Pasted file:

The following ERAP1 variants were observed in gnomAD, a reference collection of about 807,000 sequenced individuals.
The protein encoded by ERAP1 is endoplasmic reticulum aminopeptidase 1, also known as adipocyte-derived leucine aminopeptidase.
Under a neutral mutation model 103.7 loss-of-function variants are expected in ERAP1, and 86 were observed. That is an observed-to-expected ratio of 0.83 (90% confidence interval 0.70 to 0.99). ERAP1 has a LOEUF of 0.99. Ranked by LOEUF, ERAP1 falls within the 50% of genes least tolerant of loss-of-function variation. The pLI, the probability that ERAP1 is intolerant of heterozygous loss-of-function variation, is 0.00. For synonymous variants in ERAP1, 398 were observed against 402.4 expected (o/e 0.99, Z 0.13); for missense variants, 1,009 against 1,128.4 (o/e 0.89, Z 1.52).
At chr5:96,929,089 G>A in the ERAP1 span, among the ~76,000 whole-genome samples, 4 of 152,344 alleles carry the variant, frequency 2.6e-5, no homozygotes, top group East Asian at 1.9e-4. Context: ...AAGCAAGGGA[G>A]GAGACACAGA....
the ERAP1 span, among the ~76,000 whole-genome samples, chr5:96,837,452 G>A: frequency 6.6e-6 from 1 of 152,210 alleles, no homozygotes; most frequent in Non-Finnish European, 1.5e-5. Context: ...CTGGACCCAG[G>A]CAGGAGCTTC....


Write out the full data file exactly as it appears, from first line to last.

The following ERAP1 variants were observed in gnomAD, a reference collection of about 807,000 sequenced individuals.
The protein encoded by ERAP1 is endoplasmic reticulum aminopeptidase 1, also known as adipocyte-derived leucine aminopeptidase.
Under a neutral mutation model 103.7 loss-of-function variants are expected in ERAP1, and 86 were observed. That is an observed-to-expected ratio of 0.83 (90% confidence interval 0.70 to 0.99). ERAP1 has a LOEUF of 0.99. Ranked by LOEUF, ERAP1 falls within the 50% of genes least tolerant of loss-of-function variation. The pLI, the probability that ERAP1 is intolerant of heterozygous loss-of-function variation, is 0.00. For synonymous variants in ERAP1, 398 were observed against 402.4 expected (o/e 0.99, Z 0.13); for missense variants, 1,009 against 1,128.4 (o/e 0.89, Z 1.52).
At chr5:96,929,089 G>A in the ERAP1 span, among the ~76,000 whole-genome samples, 4 of 152,344 alleles carry the variant, frequency 2.6e-5, no homozygotes, top group East Asian at 1.9e-4. Context: ...AAGCAAGGGA[G>A]GAGACACAGA....
the ERAP1 span, among the ~76,000 whole-genome samples, chr5:96,837,452 G>A: frequency 6.6e-6 from 1 of 152,210 alleles, no homozygotes; most frequent in Non-Finnish European, 1.5e-5. Context: ...CTGGACCCAG[G>A]CAGGAGCTTC....